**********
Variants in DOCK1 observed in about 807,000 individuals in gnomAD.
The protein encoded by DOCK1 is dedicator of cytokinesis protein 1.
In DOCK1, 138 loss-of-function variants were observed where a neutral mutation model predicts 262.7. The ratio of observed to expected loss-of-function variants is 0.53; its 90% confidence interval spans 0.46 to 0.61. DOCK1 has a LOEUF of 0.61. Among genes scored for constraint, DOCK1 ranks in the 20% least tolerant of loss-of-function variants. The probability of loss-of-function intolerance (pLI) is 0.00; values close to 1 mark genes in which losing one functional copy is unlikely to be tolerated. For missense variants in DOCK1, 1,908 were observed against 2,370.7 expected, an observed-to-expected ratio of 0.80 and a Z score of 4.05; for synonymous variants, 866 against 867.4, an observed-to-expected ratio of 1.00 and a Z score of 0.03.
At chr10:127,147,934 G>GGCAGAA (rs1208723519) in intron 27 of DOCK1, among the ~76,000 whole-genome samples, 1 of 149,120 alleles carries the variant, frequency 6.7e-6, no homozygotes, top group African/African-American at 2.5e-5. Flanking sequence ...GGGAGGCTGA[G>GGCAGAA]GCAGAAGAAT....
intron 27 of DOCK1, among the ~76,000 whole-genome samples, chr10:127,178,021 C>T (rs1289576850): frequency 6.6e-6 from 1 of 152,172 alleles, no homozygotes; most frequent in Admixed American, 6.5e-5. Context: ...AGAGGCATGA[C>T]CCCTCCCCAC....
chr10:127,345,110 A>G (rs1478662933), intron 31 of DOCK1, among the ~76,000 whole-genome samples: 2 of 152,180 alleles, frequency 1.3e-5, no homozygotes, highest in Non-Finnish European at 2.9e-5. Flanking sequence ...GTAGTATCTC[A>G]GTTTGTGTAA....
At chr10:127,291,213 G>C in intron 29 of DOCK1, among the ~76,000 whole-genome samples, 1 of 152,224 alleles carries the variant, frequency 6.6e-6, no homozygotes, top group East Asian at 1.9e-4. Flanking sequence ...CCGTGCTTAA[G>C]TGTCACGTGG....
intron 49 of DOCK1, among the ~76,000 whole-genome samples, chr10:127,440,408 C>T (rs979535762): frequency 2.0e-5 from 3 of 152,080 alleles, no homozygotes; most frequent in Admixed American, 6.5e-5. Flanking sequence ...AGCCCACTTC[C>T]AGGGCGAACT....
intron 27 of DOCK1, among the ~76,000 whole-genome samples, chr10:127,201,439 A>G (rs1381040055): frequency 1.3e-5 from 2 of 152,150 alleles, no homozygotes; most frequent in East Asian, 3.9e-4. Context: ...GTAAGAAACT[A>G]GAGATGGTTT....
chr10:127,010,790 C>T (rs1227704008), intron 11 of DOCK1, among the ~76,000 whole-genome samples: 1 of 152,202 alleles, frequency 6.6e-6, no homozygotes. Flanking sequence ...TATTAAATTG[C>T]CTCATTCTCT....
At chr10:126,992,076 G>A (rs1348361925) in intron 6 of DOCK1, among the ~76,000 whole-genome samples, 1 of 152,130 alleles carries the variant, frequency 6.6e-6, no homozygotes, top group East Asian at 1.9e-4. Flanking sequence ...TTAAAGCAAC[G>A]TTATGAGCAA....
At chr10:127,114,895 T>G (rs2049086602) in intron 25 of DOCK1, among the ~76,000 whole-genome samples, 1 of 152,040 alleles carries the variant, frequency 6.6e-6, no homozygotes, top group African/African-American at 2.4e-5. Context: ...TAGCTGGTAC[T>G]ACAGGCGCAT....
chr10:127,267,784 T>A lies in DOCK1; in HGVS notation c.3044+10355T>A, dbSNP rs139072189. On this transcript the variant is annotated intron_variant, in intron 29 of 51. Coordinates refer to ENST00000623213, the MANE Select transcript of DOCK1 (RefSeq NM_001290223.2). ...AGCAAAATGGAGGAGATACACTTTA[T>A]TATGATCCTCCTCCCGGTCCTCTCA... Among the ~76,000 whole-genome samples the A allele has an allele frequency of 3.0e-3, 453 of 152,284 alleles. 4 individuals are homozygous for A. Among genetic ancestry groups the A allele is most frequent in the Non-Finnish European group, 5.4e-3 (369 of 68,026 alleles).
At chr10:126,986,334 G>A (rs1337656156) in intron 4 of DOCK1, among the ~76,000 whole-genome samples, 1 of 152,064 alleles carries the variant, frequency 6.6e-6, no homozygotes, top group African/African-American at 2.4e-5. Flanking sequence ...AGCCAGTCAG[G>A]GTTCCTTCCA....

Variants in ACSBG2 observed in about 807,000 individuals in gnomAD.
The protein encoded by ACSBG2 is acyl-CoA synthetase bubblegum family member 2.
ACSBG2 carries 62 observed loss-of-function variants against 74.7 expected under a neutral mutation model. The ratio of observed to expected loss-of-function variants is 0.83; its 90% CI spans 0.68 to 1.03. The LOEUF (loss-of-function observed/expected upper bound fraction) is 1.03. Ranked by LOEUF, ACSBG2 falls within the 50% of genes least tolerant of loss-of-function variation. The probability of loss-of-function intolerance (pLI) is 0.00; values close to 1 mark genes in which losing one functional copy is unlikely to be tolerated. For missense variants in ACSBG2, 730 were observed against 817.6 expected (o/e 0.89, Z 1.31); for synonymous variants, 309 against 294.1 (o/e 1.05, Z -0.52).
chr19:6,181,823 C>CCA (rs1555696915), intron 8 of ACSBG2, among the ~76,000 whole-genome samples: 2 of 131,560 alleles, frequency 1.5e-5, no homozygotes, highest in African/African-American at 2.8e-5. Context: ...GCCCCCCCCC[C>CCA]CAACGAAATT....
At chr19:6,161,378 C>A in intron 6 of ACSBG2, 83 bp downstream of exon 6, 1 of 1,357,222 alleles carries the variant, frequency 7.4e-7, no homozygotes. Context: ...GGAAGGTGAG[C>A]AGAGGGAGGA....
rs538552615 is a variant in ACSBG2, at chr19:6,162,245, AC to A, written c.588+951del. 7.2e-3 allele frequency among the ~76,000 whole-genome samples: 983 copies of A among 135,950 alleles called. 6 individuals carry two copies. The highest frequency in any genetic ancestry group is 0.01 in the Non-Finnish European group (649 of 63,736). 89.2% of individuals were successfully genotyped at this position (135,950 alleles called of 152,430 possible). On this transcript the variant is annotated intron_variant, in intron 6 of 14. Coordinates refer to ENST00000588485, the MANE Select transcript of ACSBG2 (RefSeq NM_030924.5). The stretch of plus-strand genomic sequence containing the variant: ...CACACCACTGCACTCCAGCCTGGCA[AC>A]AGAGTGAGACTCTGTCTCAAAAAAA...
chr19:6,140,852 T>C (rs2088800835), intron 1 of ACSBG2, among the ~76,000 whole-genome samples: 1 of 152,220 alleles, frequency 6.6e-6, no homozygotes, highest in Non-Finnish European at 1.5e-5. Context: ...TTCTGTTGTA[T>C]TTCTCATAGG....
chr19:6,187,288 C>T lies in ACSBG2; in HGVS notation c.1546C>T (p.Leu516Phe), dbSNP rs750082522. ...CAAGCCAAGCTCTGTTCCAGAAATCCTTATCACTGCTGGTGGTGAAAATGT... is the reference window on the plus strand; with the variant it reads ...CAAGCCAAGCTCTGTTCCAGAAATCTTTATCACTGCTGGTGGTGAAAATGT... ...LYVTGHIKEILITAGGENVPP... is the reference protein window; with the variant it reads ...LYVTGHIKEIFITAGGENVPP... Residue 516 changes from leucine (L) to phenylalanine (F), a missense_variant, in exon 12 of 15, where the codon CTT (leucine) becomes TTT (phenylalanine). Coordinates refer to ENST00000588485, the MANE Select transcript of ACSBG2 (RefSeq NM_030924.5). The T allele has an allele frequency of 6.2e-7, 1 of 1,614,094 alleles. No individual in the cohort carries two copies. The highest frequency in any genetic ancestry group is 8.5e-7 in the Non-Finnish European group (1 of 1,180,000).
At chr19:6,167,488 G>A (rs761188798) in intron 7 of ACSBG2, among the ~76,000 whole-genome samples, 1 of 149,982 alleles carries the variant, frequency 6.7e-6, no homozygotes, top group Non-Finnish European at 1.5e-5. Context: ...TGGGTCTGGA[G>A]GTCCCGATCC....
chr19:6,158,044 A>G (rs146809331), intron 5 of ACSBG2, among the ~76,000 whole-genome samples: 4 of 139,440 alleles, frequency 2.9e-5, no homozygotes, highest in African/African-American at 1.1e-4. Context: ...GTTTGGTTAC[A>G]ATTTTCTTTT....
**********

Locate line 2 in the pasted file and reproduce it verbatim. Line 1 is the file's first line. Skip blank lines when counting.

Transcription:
The protein encoded by DOCK1 is dedicator of cytokinesis protein 1.